- (5) Accepting Parliament’s declaration that there is a public interest in protecting society through effective investigation of crimes of a sexual nature, weigh the impact on the offender of being registered, as against the impact on that public interest, of the offender not being registered and come to a conclusion as to whether the impact on the offender is so severe as to result in a “marked and serious imbalance” between the impact on the offender of making the order and the impact on the public interest of not making the order; and
- (6) If, but only if, the impact on the offender of making the order is grossly disproportionate to the impact on the public interest of not making the order, the exemption should be granted.
Early Termination of a SOIRA Order
Effect of the Order
A SOIRA Order under s. 490.012 will comply with From 52.
When a conviction occurs outside of Canada, an order under s. 490.02901. The Order to comply will use Form 54.
Disclosure of Information
Appeal From Order
Despite s. 490.014, the Crown has the ability to appeal under s. 676(1)(b) for the refusal of a sentencing judge to order a SOIRA.
- R v Chisholm, 2012 NBCA 79 (CanLII), per Drapeau JA
R v Batley, 2016 BCSC 2296 (CanLII), per Bernard J
R v Clancy, 2017 BCSC 576 (CanLII), per Baird J
see also Chisholm, ibid., at para 23 ("First, I need not, and do not decide whether the SOIRA order in question can be corrected by means of a prerogative writ. Any debate on point would be expected to feature consideration of Dagenais v. Canadian Broadcasting Corp")
- R v Whiting, 2013 SKCA 127 (CanLII), per Whitmore JA
Improperly Ordered Duration
A Court is functus officio and does not have the jurisdiction to correct any errors made in setting the duration of the SOIRA Order.
Breach of SOIRA Orders (s. 490.031 to 490.0312)
Prior to April 15, 2011 Amendments
On April 15, 2011, the phrasing of s. 490.012 was amended to make SOIRA mandatory for all sections (a), (c), (c.1), (d) or (e) designated offences. Prior to this amendment these designated offences presumptively required a SOIRA order unless outweighed by other interests. As such, there is no longer the weighing of proportional interests.
The previous scheme allowed the following:
The court may exempt an offender from registration under the SOIRA if the court is satisfied that the impact of the obligations would be "grossly disproportionate to the public interest in protecting society through the effective investigation of crimes of a sexual nature".The court must give reasons for the decision to grant or deny the order under the SOIRA.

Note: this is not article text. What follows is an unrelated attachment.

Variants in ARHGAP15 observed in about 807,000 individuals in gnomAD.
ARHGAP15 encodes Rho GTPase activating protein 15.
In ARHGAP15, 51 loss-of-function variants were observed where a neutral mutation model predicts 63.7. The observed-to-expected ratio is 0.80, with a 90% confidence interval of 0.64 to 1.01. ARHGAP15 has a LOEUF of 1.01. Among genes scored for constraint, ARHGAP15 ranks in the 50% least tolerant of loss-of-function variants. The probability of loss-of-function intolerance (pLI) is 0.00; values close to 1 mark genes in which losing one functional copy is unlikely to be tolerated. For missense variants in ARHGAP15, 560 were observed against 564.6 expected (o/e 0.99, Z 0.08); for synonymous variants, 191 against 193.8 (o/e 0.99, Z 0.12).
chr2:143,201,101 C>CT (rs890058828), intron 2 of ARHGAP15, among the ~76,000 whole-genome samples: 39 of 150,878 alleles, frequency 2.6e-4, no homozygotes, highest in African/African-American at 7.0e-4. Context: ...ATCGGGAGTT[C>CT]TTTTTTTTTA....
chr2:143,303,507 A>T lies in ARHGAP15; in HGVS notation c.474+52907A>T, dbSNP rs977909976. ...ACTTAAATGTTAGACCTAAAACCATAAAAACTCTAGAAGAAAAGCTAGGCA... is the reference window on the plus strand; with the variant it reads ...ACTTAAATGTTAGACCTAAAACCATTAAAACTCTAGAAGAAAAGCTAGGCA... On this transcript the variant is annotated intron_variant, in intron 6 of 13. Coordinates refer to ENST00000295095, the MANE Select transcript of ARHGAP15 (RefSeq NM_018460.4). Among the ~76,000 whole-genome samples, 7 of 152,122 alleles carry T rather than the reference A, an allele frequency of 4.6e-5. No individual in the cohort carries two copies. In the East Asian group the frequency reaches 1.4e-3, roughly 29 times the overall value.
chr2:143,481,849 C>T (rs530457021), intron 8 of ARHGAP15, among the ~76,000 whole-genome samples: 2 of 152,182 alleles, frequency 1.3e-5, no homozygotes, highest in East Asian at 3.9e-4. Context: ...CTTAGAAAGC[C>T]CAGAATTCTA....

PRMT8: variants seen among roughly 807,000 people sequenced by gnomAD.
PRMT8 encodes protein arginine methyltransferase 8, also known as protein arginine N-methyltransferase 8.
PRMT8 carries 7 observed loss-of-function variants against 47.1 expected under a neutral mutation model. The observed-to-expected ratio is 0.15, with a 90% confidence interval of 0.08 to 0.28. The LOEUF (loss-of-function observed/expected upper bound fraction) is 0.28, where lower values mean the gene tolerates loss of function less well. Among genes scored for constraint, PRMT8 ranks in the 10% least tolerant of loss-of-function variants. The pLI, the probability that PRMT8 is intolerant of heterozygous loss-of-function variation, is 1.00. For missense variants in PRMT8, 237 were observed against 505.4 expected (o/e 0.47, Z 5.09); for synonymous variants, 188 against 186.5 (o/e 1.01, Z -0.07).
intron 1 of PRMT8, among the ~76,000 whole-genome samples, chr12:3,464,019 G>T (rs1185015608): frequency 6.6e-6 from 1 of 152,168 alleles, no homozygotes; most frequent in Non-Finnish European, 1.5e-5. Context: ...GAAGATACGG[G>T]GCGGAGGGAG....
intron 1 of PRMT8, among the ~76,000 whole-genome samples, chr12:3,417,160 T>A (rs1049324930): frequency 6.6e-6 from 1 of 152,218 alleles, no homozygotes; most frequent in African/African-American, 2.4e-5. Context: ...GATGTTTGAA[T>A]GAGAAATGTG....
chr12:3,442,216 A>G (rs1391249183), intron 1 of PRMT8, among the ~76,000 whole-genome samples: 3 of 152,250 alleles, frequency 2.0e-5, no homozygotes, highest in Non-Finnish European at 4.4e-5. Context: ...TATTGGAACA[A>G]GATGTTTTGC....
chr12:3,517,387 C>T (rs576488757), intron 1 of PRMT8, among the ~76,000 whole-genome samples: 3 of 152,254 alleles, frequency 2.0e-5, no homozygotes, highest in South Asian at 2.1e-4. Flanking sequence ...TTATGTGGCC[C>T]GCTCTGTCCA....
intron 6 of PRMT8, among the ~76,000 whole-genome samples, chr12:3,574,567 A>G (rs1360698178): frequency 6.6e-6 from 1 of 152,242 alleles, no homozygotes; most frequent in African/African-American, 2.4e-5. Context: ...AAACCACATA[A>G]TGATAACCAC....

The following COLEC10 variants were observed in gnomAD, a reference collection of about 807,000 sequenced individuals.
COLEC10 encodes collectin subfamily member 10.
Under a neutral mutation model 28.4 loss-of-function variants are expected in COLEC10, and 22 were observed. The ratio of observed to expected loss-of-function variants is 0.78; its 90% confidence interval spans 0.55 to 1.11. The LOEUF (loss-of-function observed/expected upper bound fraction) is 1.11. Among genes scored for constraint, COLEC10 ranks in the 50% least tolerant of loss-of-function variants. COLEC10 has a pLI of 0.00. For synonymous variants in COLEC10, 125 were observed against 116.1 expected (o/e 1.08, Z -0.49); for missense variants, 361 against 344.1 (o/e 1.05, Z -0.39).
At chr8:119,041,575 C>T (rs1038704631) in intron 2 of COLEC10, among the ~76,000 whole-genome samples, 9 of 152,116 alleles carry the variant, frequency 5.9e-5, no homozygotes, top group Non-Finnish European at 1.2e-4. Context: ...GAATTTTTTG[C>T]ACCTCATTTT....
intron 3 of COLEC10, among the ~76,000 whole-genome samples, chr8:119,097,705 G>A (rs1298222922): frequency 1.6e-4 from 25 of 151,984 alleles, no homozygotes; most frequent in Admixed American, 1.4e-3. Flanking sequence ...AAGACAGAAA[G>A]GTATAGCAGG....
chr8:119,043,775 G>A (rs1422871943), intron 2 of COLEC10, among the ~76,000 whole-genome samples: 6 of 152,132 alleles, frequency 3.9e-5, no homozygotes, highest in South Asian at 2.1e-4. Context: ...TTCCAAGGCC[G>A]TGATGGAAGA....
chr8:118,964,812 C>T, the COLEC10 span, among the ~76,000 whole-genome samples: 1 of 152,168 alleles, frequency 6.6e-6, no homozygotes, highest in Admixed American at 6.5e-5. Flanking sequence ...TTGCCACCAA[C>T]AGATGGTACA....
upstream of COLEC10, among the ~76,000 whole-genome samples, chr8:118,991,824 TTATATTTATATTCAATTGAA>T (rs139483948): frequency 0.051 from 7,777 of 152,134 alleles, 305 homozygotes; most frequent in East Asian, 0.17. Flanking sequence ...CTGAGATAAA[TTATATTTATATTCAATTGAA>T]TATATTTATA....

The requirements can be summarized as follows:
- What is the impact on the individual offender,
- What is the public interest served by registration, and
- Is the impact upon the defendant grossly disproportionate to the public interest having regard to:
- the nature of the offence,
- the nature of the intrusion, and
- the circumstances of the individual offender.
From "a public interest point of view it is desirable that the registry not be so inclusive as to include so many low risk or no risk offenders as to dilute the resources and attention of the police from those that pose a genuine risk."
- s. 490.012(4)
The court is not required to make an order under this section if it is satisfied that the person has established that, if the order were made, the impact on them, including on their privacy or liberty, would be grossly disproportionate to the public interest in protecting society through the effective investigation of crimes of a sexual nature, to be achieved by the registration of information relating to sex offenders under the Sex Offender Information Registration Act.
- s. 490.012(5) The court shall give reasons for its decision."
- R v Epp, 2005 SKPC 71 (CanLII), per Whelan J, at para 26 referring to R.E.M.  BCJ No. 1191 (B.C.S.C.)
R v Have, 2005 ONCJ 27 (CanLII),  OJ No 388, per Duncan J, at para 17